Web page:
m1x1x1 Nobody's done it before.

Scarborough
Bicycles
Graphic Design
Photography

by Jose Ongpin
After smoking a bowl.

After smoking a bowl.

Finally mounted the cutaway tube train carriage drawn in ink on vellum.

Finally mounted the cutaway tube train carriage drawn in ink on vellum.

Overview 27 Nov

Overview 27 Nov

Latest update 27 Nov

Latest update 27 Nov

1995/1996 Tube Stock template

Also see http://m1x1x1.tumblr.com/post/35902051329/overall-scene-of-it-all
Overall scene of it all…

Overall scene of it all…

I’ve realized that most of the time outside of my 9 to 5 day job now involves drawing trains of the Underground. By the end of the year I should have a 19”x24” hand-drawn poster, however that may end up to be, and I told myself not to fall into tendencies of unfinished work. 
Anyways, here is another completed template on the Moleskin—Piccadilly Line 1973 Tube Stock on the bottom, Bakerloo Line 1972 Tube Stock on the top.

I’ve realized that most of the time outside of my 9 to 5 day job now involves drawing trains of the Underground. By the end of the year I should have a 19”x24” hand-drawn poster, however that may end up to be, and I told myself not to fall into tendencies of unfinished work. 

Anyways, here is another completed template on the Moleskin—Piccadilly Line 1973 Tube Stock on the bottom, Bakerloo Line 1972 Tube Stock on the top.

Its another Wal-Mart Sunrise #walmart #suburbia #scarborough #agincourt (Taken with instagram)

Its another Wal-Mart Sunrise #walmart #suburbia #scarborough #agincourt (Taken with instagram)

#dentonia #victoriapark #scarborough #apartments (Taken with instagram)

#dentonia #victoriapark #scarborough #apartments (Taken with instagram)

The DVP (Psychogeography)

At 7:40 am on a Tuesday morning, crawling at 10 km/h speeds after exiting Highway 401 and into the Don Valley Parkway downtown-bound can be more than just a task of lane-changing, trying to get into the fastest-moving lane possible without breaking a sweat or exhibiting frustration as thousands of cars make their way from the suburbs to Downtown Toronto. I am in my car, my right hand shifting the cogs away, and feeling half-awake as I toddle down the freeway’s sloping grade navigating through the Don Valley. Affectionally called the Don Valley Parking Lot, the freeway is the only major high-speed access to Downtown Toronto, as a result of years of clashes between folks who have differing thoughts and opinions about Toronto’s transportation solutions for the next century. The moment I am on the DVP at the latter half of the hour means I get to have the opportunity to observe the drivers around me (without jeopardizing myself or anyone in the process) and to think about how they behave as they drive, how there are minute little bits like the frequency of brake lights, weaving, spurt of the moment acceleration moments, and finally the drivers themselves.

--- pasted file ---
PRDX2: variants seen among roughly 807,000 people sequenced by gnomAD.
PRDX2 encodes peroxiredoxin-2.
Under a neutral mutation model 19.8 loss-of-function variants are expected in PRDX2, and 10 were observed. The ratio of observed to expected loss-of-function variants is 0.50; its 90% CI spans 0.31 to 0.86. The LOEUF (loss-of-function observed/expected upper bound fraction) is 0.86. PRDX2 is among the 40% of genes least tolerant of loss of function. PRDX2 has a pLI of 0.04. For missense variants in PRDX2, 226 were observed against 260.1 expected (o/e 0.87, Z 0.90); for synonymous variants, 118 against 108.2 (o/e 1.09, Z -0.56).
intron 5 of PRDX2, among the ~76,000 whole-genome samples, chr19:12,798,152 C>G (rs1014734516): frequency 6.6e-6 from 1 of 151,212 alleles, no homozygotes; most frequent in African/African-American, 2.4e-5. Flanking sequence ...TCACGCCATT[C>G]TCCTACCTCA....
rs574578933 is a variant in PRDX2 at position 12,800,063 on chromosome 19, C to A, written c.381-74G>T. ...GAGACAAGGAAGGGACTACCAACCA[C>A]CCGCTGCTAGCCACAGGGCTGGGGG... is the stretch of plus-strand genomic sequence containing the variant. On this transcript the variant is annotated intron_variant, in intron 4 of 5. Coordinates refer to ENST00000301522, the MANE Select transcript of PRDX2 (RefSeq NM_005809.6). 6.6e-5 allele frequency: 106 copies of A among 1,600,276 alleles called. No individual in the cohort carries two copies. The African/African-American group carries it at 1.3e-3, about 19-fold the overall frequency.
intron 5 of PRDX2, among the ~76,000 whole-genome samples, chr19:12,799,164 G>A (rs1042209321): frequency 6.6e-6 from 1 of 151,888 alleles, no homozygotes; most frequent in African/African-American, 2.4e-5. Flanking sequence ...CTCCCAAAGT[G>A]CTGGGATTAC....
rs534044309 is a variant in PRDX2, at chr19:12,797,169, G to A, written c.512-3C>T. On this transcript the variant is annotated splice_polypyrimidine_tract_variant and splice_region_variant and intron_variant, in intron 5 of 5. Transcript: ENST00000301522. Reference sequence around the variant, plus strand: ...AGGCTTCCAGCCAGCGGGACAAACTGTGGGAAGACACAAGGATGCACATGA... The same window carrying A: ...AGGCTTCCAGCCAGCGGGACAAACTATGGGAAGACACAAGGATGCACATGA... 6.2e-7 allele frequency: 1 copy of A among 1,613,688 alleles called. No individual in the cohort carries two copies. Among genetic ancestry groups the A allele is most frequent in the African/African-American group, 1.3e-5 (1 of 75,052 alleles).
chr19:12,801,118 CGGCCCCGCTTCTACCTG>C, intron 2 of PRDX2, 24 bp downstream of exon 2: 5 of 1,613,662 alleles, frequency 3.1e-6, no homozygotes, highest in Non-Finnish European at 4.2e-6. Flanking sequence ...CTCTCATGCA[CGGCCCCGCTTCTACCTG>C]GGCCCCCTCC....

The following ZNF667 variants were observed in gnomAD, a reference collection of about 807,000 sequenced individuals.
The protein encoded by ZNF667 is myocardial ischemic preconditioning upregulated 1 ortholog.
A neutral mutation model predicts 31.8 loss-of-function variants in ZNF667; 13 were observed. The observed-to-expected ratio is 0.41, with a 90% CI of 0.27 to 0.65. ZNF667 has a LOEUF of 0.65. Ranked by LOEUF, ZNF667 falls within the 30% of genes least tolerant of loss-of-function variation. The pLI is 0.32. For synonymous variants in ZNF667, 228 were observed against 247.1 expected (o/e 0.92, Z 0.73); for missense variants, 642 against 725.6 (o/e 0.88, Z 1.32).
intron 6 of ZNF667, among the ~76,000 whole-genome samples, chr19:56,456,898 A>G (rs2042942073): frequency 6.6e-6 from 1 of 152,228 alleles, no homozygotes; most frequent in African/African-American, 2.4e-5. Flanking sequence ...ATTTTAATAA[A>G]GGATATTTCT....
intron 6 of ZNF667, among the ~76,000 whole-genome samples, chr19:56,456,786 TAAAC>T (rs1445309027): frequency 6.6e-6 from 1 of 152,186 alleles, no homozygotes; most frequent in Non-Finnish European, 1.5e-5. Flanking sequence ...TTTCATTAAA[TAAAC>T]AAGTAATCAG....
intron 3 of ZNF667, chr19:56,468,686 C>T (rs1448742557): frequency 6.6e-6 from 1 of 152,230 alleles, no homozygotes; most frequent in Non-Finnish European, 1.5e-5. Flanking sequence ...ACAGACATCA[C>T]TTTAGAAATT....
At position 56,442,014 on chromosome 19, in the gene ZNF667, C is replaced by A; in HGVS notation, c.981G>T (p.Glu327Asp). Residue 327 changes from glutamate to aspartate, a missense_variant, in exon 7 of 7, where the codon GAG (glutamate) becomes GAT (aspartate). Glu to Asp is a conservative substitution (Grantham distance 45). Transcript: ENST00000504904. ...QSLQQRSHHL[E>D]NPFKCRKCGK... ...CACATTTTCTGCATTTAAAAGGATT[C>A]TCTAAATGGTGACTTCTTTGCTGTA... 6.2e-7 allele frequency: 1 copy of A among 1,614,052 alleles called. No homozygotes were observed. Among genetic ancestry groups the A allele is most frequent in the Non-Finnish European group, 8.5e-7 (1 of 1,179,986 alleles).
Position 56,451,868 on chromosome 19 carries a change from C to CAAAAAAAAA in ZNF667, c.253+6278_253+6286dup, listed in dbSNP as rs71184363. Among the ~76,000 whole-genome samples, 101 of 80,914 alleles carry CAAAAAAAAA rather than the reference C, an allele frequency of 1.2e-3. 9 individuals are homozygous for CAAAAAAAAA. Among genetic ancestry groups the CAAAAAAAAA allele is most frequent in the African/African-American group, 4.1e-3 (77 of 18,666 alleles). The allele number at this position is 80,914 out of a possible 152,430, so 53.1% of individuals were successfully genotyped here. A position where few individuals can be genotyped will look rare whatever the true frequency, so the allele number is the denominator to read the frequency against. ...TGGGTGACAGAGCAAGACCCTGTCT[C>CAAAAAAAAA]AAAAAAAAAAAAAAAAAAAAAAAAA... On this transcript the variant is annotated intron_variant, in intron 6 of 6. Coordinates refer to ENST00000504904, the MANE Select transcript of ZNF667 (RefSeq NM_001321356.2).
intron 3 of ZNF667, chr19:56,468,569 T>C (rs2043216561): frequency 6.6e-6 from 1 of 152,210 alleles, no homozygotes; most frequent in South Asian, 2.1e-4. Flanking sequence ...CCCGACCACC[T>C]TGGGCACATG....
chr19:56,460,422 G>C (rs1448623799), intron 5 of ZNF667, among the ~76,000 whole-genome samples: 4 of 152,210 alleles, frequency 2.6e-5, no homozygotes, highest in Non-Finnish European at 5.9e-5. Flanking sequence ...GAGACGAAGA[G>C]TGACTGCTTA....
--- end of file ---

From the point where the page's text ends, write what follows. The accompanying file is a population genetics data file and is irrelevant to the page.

There were times where I stared at the Parkway from someone’s window, 21 storeys above that offers a commanding view of the curving belt of asphalt and concrete as it winds its way to the skyscrapers and the towers of Downtown Toronto. The above photo was taken from her house, long exposed to show the beauty of the Parkway the way I saw it. Metaphorically, freeways are part of the arterial lifeblood of a city’s transportation system, moving cars at high speed and bogged down during rush hour as if bottlenecks in our own veins and arteries clog up our blood and increase the pressure after years of irresponsible dieting. The drivers around me during morning and afternoon rush hour are, just like myself, driving with the intention that they need to get to work, school, or play while having a plethora of emotions not many other drivers around would care for in my opinion. I see drivers with mixed emotions, rarely happy but preoccupied with thoughts about the workday ahead of them, the obligations they have at home, or as I would think most of the time, sentimental memories that create a silent and private connection between them and the freeway.